' '
Deutsch | English    

Forschungsdatenbank PMU-SQQUID

Comparison of PED and FRED Flow Diverters for Internal Carotid Artery Aneurysms: A Propensity Score-Matched Cohort Study.
Griessenauer, CJ; Thomas, AJ; Enriquez-Marulanda, A; Deshmukh, A; Jain, A; Ogilvy, CS; Kocer, N; Engelhorn, T; Möhlenbruch, M; Holtmannspötter, M; Janssen, H; Finkenzeller, T; Reith, W; Sonnberger, M; Buhk, JH; Schirmer, CM; Killer-Oberpfalzer, M;
Neurosurgery. 2018;
Originalarbeiten (Zeitschrift)

PMU-Autor/inn/en

Deshmukh Aviraj Satish
Finkenzeller Thomas
Griessenauer Christoph
Killer-Oberpfalzer Monika

Abstract

BACKGROUND
Flow diversion has become an accepted endovascular treatment modality for intracranial aneurysms. Studies comparing different types of flow diverters are currently lacking.
To perform a propensity score-matched cohort study comparing the Pipeline Embolization Device (PED; Medtronic, Dublin, Ireland) and Flow Redirection Endoluminal Device (FRED; MicroVention, Aliso Viejo, California).
Aneurysms of the internal carotid artery proximal to the communicating segment treated with PED at 2 neurovascular centers in the United States were matched with aneurysms treated in the European FRED study using propensity scoring. Aneurysms treated in the setting of subarachnoid hemorrhage were excluded from matching. Occlusion rates and complications were evaluated.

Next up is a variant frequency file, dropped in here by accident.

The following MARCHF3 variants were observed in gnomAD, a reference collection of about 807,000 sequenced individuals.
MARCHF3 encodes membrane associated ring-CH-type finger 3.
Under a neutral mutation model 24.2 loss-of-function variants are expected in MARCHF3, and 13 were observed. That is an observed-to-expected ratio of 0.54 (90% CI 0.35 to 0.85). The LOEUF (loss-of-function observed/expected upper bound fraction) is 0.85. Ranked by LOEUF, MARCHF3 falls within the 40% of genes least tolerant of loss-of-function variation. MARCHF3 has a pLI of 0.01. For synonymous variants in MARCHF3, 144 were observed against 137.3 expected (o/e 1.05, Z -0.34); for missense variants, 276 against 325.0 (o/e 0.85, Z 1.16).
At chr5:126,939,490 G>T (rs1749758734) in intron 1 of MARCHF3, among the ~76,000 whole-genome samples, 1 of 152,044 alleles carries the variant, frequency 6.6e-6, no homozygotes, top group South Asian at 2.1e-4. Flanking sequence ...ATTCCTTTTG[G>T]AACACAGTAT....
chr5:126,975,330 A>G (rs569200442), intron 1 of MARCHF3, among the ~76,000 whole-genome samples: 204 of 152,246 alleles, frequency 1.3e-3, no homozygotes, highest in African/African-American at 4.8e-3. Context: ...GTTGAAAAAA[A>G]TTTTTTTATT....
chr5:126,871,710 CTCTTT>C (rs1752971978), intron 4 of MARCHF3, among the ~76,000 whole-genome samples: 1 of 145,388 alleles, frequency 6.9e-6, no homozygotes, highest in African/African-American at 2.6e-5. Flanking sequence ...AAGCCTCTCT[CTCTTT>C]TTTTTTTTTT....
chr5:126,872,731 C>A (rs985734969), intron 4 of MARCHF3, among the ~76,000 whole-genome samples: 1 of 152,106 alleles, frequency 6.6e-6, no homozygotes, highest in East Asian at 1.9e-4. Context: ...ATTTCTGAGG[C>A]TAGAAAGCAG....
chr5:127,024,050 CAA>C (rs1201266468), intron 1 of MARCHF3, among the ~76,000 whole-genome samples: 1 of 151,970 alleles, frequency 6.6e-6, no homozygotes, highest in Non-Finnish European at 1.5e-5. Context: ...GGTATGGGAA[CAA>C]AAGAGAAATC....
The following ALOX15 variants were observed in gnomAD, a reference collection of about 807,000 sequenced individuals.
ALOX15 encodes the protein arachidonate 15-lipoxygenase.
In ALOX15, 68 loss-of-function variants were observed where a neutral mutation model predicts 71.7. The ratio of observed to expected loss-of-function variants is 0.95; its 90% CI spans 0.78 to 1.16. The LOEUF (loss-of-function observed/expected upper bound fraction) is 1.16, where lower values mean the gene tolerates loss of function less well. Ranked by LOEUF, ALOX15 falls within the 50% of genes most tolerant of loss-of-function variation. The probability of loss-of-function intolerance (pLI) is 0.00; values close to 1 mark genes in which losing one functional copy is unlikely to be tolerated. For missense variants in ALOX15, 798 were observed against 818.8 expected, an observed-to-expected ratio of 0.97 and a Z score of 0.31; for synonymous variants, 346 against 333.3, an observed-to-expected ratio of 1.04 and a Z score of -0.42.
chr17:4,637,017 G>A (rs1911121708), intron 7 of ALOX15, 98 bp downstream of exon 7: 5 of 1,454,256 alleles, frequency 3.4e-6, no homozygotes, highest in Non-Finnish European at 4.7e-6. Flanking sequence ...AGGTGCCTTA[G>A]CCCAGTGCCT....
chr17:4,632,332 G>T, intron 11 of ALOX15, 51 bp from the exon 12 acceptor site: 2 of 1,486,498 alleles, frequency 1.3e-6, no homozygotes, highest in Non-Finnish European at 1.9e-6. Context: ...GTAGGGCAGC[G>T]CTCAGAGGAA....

Two hundred twenty-one internal carotid artery aneurysms were treated with PED and 282 with FRED. Propensity score matching controlling for age, sex, aneurysm size, location, number of flow diverters, and adjunctive coiling resulted in 55 matched pairs. Median angiographic follow-up was nonsignificantly longer for FRED compared to PED (12.2 vs 7.5 mo, P = .28). The rate of complete occlusion did not differ between flow diverters (80% vs 80%, P > .99). Functional outcome and complications were comparable for PED and FRED.
Propensity score-matched analysis of PED and FRED for internal carotid artery aneurysms revealed comparable angiographic complete occlusion and complication rates. Whether FRED has an advantage in terms of near complete aneurysm occlusion warrants further investigation. Limitations include the retrospective design and lack of an independent assessment of radiographic outcome in a core-laboratory and functional outcomes, among others, and the results should be interpreted as such.